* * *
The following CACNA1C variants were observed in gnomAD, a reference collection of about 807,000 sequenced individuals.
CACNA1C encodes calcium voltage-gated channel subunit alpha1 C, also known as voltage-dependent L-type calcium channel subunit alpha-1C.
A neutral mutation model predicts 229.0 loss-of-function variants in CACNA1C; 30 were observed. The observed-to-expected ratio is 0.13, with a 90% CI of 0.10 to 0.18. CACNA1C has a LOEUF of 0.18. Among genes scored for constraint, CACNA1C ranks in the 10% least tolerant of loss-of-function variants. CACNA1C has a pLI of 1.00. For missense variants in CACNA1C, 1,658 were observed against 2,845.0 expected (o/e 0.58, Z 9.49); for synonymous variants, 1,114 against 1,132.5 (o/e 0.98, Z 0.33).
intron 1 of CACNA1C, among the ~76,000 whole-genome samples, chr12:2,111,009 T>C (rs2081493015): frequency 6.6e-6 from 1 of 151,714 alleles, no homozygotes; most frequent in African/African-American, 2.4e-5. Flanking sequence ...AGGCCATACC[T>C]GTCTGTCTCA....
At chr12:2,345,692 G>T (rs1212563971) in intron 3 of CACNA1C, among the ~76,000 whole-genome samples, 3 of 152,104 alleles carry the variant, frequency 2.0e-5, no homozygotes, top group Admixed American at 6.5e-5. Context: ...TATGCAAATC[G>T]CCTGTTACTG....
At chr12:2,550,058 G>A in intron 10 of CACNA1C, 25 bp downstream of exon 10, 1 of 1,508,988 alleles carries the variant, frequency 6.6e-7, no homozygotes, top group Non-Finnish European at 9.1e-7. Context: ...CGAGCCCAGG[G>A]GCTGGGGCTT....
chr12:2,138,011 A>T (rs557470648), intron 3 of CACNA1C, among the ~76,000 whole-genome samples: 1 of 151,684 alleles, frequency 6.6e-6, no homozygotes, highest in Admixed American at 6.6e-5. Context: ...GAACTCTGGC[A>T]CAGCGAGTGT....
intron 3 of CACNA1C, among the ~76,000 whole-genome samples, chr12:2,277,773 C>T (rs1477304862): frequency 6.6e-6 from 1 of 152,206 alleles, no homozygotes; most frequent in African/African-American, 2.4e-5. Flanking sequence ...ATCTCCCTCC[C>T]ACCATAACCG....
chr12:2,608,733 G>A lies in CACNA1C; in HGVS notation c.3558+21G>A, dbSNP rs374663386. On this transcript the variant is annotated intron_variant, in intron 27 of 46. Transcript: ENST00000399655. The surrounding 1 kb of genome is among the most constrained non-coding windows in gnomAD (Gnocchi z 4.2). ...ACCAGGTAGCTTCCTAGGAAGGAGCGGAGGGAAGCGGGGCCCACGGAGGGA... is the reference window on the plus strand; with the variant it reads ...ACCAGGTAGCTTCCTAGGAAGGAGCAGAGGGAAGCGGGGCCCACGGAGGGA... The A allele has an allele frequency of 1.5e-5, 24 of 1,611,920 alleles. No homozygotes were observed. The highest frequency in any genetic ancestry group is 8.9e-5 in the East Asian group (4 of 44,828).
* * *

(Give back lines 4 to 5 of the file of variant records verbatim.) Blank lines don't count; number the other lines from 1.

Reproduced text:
intron 1 of CACNA1C, among the ~76,000 whole-genome samples, chr12:2,111,009 T>C (rs2081493015): frequency 6.6e-6 from 1 of 151,714 alleles, no homozygotes; most frequent in African/African-American, 2.4e-5. Flanking sequence ...AGGCCATACC[T>C]GTCTGTCTCA....
At chr12:2,345,692 G>T (rs1212563971) in intron 3 of CACNA1C, among the ~76,000 whole-genome samples, 3 of 152,104 alleles carry the variant, frequency 2.0e-5, no homozygotes, top group Admixed American at 6.5e-5. Context: ...TATGCAAATC[G>T]CCTGTTACTG....